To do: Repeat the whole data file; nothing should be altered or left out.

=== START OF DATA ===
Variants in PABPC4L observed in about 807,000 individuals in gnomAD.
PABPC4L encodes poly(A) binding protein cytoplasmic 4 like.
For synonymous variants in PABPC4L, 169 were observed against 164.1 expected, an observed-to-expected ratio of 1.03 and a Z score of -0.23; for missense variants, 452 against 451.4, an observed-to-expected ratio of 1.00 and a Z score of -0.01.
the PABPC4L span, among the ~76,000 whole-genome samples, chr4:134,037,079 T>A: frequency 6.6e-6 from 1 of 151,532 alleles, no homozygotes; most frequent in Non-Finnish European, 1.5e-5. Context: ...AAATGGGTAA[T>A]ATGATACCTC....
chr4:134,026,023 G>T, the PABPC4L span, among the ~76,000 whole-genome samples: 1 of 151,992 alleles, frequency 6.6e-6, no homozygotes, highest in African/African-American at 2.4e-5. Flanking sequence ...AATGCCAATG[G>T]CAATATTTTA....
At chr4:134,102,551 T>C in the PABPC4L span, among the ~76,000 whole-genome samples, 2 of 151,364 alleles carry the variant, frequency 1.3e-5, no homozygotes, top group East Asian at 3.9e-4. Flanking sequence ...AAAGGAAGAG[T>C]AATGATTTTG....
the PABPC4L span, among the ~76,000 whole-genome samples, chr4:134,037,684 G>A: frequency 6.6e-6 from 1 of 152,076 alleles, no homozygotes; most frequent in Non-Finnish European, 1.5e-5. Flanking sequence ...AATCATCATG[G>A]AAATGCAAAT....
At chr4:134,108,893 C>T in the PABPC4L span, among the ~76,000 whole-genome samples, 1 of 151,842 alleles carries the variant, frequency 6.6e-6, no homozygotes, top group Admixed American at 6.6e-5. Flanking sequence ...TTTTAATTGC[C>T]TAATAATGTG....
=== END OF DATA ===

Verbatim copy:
Variants in PABPC4L observed in about 807,000 individuals in gnomAD.
PABPC4L encodes poly(A) binding protein cytoplasmic 4 like.
For synonymous variants in PABPC4L, 169 were observed against 164.1 expected, an observed-to-expected ratio of 1.03 and a Z score of -0.23; for missense variants, 452 against 451.4, an observed-to-expected ratio of 1.00 and a Z score of -0.01.
the PABPC4L span, among the ~76,000 whole-genome samples, chr4:134,037,079 T>A: frequency 6.6e-6 from 1 of 151,532 alleles, no homozygotes; most frequent in Non-Finnish European, 1.5e-5. Context: ...AAATGGGTAA[T>A]ATGATACCTC....
chr4:134,026,023 G>T, the PABPC4L span, among the ~76,000 whole-genome samples: 1 of 151,992 alleles, frequency 6.6e-6, no homozygotes, highest in African/African-American at 2.4e-5. Flanking sequence ...AATGCCAATG[G>T]CAATATTTTA....
At chr4:134,102,551 T>C in the PABPC4L span, among the ~76,000 whole-genome samples, 2 of 151,364 alleles carry the variant, frequency 1.3e-5, no homozygotes, top group East Asian at 3.9e-4. Flanking sequence ...AAAGGAAGAG[T>C]AATGATTTTG....
the PABPC4L span, among the ~76,000 whole-genome samples, chr4:134,037,684 G>A: frequency 6.6e-6 from 1 of 152,076 alleles, no homozygotes; most frequent in Non-Finnish European, 1.5e-5. Flanking sequence ...AATCATCATG[G>A]AAATGCAAAT....
At chr4:134,108,893 C>T in the PABPC4L span, among the ~76,000 whole-genome samples, 1 of 151,842 alleles carries the variant, frequency 6.6e-6, no homozygotes, top group Admixed American at 6.6e-5. Flanking sequence ...TTTTAATTGC[C>T]TAATAATGTG....